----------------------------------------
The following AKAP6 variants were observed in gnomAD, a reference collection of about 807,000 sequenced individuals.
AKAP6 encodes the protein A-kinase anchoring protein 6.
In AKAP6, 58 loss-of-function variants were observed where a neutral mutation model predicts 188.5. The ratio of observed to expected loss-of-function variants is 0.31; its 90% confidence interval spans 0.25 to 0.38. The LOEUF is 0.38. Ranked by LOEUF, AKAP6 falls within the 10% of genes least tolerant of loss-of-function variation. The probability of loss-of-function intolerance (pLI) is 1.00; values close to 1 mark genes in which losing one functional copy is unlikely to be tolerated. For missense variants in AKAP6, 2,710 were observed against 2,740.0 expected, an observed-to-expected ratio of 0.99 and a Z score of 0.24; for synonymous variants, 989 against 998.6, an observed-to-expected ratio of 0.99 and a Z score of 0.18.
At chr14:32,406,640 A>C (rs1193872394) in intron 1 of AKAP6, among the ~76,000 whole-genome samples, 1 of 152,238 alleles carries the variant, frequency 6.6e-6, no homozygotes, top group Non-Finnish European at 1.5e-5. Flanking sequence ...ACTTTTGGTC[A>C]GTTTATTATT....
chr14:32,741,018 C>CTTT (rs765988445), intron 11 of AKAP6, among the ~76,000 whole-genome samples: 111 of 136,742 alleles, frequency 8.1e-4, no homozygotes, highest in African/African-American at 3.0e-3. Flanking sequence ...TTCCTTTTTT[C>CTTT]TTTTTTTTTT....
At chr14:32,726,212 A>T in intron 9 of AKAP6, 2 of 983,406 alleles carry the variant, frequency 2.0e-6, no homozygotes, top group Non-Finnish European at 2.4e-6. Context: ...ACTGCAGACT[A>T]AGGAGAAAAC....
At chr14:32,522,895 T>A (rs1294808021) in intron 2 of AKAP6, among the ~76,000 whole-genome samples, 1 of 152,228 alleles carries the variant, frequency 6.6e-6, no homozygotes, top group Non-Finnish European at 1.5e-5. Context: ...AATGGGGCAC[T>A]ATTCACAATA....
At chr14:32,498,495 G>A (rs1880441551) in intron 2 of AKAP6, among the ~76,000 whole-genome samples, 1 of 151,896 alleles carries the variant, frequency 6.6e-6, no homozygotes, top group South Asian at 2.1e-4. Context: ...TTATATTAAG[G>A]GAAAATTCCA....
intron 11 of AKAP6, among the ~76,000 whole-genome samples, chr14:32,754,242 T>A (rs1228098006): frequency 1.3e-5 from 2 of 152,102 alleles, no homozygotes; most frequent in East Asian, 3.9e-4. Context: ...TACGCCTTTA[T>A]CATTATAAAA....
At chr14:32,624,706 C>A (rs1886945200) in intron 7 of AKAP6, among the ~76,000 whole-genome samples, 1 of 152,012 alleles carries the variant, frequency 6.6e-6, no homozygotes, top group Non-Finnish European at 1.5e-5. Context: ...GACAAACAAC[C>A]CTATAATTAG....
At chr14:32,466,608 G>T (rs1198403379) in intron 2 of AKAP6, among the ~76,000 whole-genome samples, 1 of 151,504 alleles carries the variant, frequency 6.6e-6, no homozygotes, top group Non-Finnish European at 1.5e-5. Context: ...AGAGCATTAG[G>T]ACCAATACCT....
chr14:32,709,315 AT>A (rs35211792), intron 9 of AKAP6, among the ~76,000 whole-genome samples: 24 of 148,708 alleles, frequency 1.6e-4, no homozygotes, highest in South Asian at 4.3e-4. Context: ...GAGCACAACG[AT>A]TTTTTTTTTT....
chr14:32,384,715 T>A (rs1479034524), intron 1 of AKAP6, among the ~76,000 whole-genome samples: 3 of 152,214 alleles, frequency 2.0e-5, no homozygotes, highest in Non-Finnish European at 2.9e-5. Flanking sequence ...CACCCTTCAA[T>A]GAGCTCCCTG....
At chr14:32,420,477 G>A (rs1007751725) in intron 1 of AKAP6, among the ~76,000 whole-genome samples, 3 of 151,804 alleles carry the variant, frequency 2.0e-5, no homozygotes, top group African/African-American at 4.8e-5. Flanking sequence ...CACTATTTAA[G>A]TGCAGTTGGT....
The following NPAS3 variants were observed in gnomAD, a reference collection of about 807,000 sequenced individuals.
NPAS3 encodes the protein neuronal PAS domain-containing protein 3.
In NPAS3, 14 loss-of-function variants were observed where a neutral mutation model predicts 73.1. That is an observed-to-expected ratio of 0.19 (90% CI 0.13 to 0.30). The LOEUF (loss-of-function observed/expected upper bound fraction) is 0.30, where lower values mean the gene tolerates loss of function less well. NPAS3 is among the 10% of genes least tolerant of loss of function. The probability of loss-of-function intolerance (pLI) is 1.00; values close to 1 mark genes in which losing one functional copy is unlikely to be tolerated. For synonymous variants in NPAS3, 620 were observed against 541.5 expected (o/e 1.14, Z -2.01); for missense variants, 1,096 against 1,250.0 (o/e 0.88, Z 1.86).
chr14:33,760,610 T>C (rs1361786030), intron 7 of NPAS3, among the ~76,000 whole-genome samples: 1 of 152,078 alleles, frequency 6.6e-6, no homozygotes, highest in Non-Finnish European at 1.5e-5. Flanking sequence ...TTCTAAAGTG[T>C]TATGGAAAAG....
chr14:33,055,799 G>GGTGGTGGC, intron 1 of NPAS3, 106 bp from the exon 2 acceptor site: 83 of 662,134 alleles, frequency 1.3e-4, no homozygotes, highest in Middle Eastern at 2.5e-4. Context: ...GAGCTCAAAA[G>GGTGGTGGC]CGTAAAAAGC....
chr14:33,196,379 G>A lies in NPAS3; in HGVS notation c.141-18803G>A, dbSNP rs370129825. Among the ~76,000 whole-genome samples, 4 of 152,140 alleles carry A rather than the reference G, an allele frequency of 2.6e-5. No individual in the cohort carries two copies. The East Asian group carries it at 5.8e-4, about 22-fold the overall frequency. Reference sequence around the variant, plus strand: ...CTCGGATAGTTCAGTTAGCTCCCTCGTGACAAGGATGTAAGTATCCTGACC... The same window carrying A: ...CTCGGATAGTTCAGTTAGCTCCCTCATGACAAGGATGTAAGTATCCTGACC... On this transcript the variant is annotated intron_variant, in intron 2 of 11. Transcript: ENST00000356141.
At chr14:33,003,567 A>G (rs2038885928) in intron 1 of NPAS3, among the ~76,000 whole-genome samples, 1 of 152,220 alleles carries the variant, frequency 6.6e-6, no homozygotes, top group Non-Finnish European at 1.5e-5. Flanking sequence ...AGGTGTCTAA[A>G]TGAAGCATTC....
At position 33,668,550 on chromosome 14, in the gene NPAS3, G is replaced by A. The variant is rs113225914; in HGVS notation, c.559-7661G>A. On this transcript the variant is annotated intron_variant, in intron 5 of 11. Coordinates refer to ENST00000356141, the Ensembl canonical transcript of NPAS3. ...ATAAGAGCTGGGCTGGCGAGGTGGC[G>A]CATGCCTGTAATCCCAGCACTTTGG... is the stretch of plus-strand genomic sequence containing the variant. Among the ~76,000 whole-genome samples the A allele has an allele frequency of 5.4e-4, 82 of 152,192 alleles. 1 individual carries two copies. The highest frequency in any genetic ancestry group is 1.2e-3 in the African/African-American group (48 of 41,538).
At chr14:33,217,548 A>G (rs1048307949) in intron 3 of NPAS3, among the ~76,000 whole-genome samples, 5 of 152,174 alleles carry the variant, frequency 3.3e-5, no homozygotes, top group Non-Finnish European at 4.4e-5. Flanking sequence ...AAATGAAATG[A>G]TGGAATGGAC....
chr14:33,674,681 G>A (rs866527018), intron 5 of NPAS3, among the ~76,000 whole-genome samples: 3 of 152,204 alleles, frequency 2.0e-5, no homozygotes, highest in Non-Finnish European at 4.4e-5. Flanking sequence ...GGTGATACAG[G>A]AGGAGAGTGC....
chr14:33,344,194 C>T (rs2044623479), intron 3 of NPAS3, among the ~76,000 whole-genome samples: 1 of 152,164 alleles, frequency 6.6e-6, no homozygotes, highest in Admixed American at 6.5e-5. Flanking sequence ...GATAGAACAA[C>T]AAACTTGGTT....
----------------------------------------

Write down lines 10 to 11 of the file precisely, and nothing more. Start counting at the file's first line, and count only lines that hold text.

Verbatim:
At chr14:32,624,706 C>A (rs1886945200) in intron 7 of AKAP6, among the ~76,000 whole-genome samples, 1 of 152,012 alleles carries the variant, frequency 6.6e-6, no homozygotes, top group Non-Finnish European at 1.5e-5. Context: ...GACAAACAAC[C>A]CTATAATTAG....
At chr14:32,466,608 G>T (rs1198403379) in intron 2 of AKAP6, among the ~76,000 whole-genome samples, 1 of 151,504 alleles carries the variant, frequency 6.6e-6, no homozygotes, top group Non-Finnish European at 1.5e-5. Context: ...AGAGCATTAG[G>T]ACCAATACCT....